Usually you are not served a washcloth with your meal, but The Blue Nile does things differently.

Beth Dykstra
Patrons of The Blue Nile on East Washington Street use thin, spongy injera bread to scoop up food served in one
community platter. This way of eating encourages togetherness and friendship. (PETER SCHOTTENFELS/Daily)

Clean hands are a must at the Ethiopian restaurant where patrons eat both meat and vegetable feasts with their hands, just using piles of thin, spongy injera bread to scoop up their food from one collective platter.

“It is an expression of togetherness and friendship,” manager Habte Dadi said. The platter is placed inside a raised wicker basket that serves as some of The Blue Nile’s tables. They are often more popular than booths and tables, Dadi said.

Sitting closely around the basket, surrounded by dim lights, soft gold and purple accents and engulfed in Ethiopian music, patrons will experience the Nile’s romantic atmosphere .

“Valentine’s Day is our very busiest single day,” Dadi said. He added that the Nile has hosted special occasions in couples’ relationships, from their first dates to their children’s birthdays.

The Blue Nile serves two all-you-can-eat feasts — with meat for $17.90 or without for $14.90 per person. While the menu is small, the servings are not. Heaps of lentils, peas, cabbage, potatoes and collared greens surround chicken, lamb and beef all atop a communal platter of injera bread. Without forks and spoons, customers use pieces of injera to scoop their meals up off their platters.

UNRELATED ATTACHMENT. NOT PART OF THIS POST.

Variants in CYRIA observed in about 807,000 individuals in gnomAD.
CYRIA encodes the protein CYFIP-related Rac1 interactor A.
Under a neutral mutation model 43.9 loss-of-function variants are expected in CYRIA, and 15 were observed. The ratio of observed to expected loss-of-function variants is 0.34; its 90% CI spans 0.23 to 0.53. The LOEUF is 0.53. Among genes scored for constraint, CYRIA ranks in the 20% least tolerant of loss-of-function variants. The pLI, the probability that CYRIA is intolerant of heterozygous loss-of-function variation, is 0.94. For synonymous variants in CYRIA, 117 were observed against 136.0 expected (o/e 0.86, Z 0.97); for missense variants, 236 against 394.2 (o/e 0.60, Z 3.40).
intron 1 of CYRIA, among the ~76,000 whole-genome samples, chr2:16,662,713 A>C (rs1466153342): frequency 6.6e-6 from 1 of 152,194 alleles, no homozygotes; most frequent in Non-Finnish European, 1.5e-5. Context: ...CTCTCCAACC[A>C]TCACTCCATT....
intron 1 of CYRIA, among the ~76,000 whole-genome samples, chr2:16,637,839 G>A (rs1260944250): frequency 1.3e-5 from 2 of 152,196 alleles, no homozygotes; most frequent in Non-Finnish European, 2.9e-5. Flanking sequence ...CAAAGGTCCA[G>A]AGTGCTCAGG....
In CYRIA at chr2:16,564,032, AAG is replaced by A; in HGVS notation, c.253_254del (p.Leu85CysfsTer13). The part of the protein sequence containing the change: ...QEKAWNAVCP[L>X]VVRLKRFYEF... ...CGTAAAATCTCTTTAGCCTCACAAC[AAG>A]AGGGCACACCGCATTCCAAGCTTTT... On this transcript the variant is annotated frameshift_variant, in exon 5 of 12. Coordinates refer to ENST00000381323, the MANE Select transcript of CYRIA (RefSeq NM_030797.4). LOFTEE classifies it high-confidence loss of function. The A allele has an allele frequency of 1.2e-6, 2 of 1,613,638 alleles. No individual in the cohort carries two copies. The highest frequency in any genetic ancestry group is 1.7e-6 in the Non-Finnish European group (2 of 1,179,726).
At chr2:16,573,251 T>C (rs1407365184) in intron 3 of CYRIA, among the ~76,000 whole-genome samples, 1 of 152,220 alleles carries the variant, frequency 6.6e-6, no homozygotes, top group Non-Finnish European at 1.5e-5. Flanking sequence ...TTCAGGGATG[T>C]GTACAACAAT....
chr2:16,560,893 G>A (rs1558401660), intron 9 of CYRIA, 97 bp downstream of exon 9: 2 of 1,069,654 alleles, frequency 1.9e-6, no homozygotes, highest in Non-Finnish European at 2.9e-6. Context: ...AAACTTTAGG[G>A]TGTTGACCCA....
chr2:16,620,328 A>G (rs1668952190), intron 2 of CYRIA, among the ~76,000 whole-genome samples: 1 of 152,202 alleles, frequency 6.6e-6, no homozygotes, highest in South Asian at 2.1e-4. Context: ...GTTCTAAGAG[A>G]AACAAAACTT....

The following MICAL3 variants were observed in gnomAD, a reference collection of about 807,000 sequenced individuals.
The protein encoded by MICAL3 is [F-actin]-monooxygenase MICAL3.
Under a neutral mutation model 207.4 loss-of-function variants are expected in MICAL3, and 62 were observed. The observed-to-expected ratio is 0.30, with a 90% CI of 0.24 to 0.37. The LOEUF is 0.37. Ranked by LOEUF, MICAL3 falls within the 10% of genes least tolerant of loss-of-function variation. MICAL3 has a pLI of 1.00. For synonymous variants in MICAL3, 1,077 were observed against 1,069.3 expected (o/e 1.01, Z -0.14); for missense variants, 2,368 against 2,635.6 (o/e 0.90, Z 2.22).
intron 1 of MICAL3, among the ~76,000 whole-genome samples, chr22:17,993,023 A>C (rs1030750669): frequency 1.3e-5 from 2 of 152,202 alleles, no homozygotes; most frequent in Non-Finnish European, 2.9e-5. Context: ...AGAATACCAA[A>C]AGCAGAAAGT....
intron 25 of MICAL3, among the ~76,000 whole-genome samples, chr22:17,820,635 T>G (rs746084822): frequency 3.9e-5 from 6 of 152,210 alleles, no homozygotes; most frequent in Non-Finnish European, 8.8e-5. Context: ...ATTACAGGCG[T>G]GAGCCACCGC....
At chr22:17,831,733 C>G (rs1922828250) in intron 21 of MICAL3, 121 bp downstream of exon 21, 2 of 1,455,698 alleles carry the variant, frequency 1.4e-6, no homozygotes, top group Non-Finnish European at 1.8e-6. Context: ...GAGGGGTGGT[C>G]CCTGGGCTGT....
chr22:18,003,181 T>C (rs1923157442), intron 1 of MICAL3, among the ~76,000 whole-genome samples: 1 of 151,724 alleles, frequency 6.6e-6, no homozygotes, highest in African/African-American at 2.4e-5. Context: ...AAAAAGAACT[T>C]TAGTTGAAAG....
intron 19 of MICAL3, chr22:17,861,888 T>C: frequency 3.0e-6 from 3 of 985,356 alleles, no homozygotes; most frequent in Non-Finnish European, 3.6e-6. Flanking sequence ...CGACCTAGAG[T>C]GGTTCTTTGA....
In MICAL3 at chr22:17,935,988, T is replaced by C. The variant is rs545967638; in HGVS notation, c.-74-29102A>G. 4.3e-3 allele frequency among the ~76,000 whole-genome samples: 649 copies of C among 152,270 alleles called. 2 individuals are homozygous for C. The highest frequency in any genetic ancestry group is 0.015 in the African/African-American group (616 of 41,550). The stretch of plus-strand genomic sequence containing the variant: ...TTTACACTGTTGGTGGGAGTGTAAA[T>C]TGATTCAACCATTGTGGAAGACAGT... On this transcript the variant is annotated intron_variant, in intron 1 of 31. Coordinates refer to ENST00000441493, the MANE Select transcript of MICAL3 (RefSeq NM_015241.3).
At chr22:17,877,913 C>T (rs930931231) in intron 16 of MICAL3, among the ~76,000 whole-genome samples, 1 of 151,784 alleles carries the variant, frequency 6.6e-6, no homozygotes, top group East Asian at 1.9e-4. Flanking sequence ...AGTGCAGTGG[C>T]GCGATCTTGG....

Refrigeration never became popular enough in Ethiopia to change the way its food was prepared, and for all of The Blue Nile’s modern resources, the restaurant does not use freezers to store food — meat and vegetables are delivered fresh three times a week. Most food is cooked in the daytime and steamed to keep it warm.

Ethiopian cuisine gets its unique flavor from its preparation that focuses on eliminating all fat from food, which is done at The Blue Nile by a full-time employee who cleans out the chicken and lamb. Chicken is marinated in lemon juice overnight to break down its grease, while lamb has its fat boiled-out. Dairy products are not used to make food, and even butter has its fat removed from it.

Tangy, barbeque-like berbere sauce flavors Zilzil Wat beef strips and Doro Wat chicken. While much of the food is made with jalapeno peppers, the food is not very spicy. But those with irritable stomachs may want to focus on the sweet Yebeg Alechais lamb and the mild Dordo Alecha.

Dadi said The Blue Nile’s food is less spicy than food from Ethiopia, though.

“We have to think about the customer’s taste. We don’t want to overpower them with spiciness,” he said.

The Nile’s drinks are just as interesting as its food. Customers can try a glass of honey wine or finish their meal off with tea made of rose hips, cinnamon, orange and lemon. The Blue Nile serves coffee made from Ethiopian beans that come from the country’s Kaffa region, which incidentally gives the drink its name.

Dadi estimates that most of his patrons are frequent customers, and he attributes the restaurant’s success to word-of-mouth — something that brought Manju Jois to The Blue Nile while he was visiting from California.

“I like it very much, it’s fabulous,” Jois said. “It’s very healthy, very tasty and very different.”

Ann Arbor resident Rafael Abrams said the diverse menu fits his tastes and that of his children.

“I’ve got kids, and they all like the food here,” Abrams said. “I always make sure to come here hungry.”

 

The Blue Nile

– 221 E. Washington St. (734) 998-4746

– Open Mon. – Sat. from 4 to 11 p.m. and Sun. from 3 to 9 p.m.

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